Summer on a Shoestring

Soil core installation, summer 2013
July 23, 2013, 4:17 pm
Filed under: Roots

By Brannon Barr


Question:  How do you determine if a particular soil component has an effect on root growth?

Answer: Soil coring.


After working under the direction of Melany Fisk and Shinjini Goswami, I got all the inside dirt on this procedure.  It is done by removing and amending a column of soil, reinserting it, waiting a specified length of time, and re-extracting the column to evaluate whether the amendment encouraged root growth.  We are interested in the conditions under which a mineral called apatite (Ca5(PO4)3(OH,F,Cl)) may serve as a source of calcium and/or phosphorus to plants, and so our amendment was the addition of apatite.  For the materials in apatite to be accessible to plants it must be chemically weathered, which plants cannot do on their own.  This task is performed by symbiotic fungi that colonize plant roots (known as mycorrhizal fungi).  In addition to being able to chemically weather rock, these fungi increase the water and mineral absorption capabilities of the plant roots.  In exchange for these services, plants supply the fungi with photosynthetically derived carbohydrates such as glucose and sucrose.  It may be predicted that when calcium and phosphorus are scarce in mineral soil plants will put more effort into mechanisms for acquiring these nutrients, such as the production of enzymes that break down phosphorus containing compounds in the soil and the growth of root structures to provide more area for mycorrhizal fungi to colonize.  If calcium and phosphorus are freely available in the soil, it is more advantageous for plants to invest their effort elsewhere.

Melany installing a soil core using a high tech "pusher outer."

Melany installing a soil core using a high tech “pusher outer.”

We collected soil by driving PVC pipes 20 centimeters into the mineral soil and then pulling them back out.  The soil was then pushed out of the PVC pipe with a smaller piece of PVC pipe (an “extruder,” to use the fancy term, or a “pusher-outer,” to use the really fancy term).  Forest floor was collected off the top, and the 0-10 and 10-20 centimeter depth portions were separated.  These were then sifted to remove rocks and roots.  In order to assure that the cores were all the same except for the addition of apatite, for each experimental plot all the 10-20 cm soil was combined and homogenized, as was all of the 0-10 cm soil and all of the forest floor.  The soil was reinstalled by adding 5 cm of the 10-20 fraction, lightly pressing with the extruder and adding a little water, another 5 cm, another light pressing and adding a little water, repeating with the 0-10 cm fraction, and topping it off with some forest floor.

Freshly extracted forest soil.  The upper half of the sample is noticeably darker due to higher organic matter content.

Freshly extracted forest soil. The upper half of the sample is noticeably darker due to higher organic matter content.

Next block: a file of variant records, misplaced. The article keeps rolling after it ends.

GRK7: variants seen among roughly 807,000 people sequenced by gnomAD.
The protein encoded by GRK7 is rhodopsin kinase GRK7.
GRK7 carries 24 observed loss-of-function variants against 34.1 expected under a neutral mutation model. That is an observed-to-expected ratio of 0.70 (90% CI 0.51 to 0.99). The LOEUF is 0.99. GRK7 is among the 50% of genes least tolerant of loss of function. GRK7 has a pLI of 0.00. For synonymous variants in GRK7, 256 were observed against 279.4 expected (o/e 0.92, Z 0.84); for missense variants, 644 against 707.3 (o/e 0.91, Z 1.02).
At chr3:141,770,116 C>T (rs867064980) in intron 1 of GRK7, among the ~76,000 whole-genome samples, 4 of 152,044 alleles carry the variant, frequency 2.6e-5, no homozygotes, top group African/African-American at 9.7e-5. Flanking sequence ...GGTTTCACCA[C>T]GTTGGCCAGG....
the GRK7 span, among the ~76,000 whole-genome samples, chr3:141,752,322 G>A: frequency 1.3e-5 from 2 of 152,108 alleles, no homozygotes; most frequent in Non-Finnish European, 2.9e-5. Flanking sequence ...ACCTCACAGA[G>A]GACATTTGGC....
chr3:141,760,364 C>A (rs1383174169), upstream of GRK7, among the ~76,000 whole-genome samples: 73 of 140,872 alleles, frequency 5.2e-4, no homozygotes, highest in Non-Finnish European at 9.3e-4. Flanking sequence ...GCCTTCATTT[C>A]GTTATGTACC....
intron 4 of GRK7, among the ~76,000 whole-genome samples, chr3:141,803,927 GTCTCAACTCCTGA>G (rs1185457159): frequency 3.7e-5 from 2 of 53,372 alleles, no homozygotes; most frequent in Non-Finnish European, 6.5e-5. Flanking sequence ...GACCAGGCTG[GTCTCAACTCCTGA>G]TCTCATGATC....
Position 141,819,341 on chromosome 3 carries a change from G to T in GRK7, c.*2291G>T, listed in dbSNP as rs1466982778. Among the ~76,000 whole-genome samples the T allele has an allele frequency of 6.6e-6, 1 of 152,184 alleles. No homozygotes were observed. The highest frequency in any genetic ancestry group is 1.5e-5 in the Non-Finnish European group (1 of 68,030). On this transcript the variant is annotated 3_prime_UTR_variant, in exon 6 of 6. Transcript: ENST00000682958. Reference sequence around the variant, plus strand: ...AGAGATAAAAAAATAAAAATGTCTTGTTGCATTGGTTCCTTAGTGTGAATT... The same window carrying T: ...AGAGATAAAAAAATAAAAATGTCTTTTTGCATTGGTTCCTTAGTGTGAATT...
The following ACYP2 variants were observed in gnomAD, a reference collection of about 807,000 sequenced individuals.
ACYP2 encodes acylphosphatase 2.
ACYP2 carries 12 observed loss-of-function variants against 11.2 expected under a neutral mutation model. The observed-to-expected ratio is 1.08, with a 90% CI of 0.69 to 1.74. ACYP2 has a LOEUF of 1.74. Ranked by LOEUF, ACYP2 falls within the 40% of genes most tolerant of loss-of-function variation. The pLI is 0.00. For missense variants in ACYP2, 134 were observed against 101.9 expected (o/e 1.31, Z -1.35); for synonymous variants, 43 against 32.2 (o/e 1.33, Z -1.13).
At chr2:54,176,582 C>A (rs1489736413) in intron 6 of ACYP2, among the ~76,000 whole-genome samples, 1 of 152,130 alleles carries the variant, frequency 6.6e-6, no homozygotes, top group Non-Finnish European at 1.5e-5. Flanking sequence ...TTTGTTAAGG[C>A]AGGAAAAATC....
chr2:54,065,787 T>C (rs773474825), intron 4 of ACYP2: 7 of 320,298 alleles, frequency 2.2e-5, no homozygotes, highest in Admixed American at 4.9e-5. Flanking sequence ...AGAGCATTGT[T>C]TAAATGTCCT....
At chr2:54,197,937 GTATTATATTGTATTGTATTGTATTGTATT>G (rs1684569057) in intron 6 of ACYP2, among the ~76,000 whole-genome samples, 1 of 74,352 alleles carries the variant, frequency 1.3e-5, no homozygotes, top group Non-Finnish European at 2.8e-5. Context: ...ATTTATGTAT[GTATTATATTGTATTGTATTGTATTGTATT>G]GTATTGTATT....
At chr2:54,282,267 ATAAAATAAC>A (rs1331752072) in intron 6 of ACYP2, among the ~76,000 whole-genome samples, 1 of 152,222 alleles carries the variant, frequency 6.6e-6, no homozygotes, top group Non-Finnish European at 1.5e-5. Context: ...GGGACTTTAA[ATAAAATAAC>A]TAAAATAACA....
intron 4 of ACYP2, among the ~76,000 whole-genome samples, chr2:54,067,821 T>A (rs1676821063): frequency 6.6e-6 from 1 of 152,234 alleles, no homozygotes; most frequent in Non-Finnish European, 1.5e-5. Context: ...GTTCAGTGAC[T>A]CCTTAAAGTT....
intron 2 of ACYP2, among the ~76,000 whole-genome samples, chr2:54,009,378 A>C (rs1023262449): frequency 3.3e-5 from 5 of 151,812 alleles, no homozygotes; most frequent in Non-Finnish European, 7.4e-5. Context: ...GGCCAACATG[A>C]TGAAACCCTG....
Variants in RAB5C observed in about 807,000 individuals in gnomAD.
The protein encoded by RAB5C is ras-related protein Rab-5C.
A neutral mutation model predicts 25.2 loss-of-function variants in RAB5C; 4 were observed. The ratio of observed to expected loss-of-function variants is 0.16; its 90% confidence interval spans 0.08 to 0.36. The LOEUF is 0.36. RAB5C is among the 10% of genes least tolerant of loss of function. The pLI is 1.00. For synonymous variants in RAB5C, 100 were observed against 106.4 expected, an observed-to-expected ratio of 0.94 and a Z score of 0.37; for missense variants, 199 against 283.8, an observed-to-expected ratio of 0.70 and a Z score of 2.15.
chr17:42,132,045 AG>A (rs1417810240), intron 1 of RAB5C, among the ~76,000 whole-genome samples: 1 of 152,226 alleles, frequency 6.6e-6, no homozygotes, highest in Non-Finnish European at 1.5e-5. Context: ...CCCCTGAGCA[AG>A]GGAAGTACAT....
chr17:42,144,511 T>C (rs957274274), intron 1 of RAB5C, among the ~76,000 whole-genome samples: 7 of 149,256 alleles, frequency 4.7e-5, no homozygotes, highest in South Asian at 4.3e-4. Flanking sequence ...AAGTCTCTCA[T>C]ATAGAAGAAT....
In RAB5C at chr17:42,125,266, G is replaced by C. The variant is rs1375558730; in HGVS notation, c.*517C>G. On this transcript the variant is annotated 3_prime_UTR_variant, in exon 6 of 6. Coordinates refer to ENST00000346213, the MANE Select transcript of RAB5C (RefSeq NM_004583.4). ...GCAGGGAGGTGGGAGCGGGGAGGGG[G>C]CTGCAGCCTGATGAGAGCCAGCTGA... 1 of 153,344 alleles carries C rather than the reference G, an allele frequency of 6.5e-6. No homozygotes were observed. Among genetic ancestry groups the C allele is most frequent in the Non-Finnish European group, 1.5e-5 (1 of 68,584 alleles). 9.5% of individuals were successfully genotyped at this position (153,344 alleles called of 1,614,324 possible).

For every site in which we installed cores, two were enriched with apatite and two were left untreated to give us a baseline for root growth.  We installed cores in our calcium treated plots and their corresponding control plots (no treatment).  We will re-extract the cores in a year to evaluate the extent to which new roots colonized the soil we inserted.  Using a full factorial design, Melany and Shinjini will attempt to tease out to what extent and under what conditions apatite serves as a source of calcium, phosphorus, or both together.

Shinjini giving the soil a thorough mixing.

Shinjini giving the soil a thorough mixing.

This process was certainly not without its challenges.  I’m glad I did this before joining the rest of the crew with fertilizing, because fertilizing was a breeze in comparison.  It requires finding just the right spot; sometimes we would drive the PVC pipe in part way and it would come up against a root or a rock that is a complete impasse, so we would have to use the extruder to push it back into place, find another spot, and try again.  Of course, a power corer could cut right through these impediments, but for this study we would not want to cut through rock because it could alter the mineral content of the soil.  So we had to just do it manually, by pounding the PVC pipe corers into the ground with mallets.  About half the time, the pipes were very difficult to pull back out.  We could only twist them to loosen; side to side action would have distorted the hole.  At times I felt like I was trying to pull Excalibur out of the stone.  Also, there was no consistency with how much force it took to push the soil out.  If it was rather loose, the soil was liable to fly out into a big pile and getting all mixed up.  More often, though, it was very hard to push out, and sometimes we had to pound on the end of the extruder with a mallet, taking care to keep the other end still.  Great pains had to be taken to disturb the forest floor as little as possible, or we risked drawing Melany’s wrath (JK Melanie, you were quite pleasant to work with).  The humidity was intense on those days, and the mosquitoes were so awful it was like getting attacked by flying piranhas.  I’ve experienced some vicious mosquitoes in my life, but only in our C8 plot have I encountered mosquitoes that can bite me right through my jeans.  No joke, I had bites all over my lower half.  So I came out of the field feeling like I needed a transfusion, and I could have stuck my clothes to the wall.  The things we do for science!  I look forward to seeing the results.





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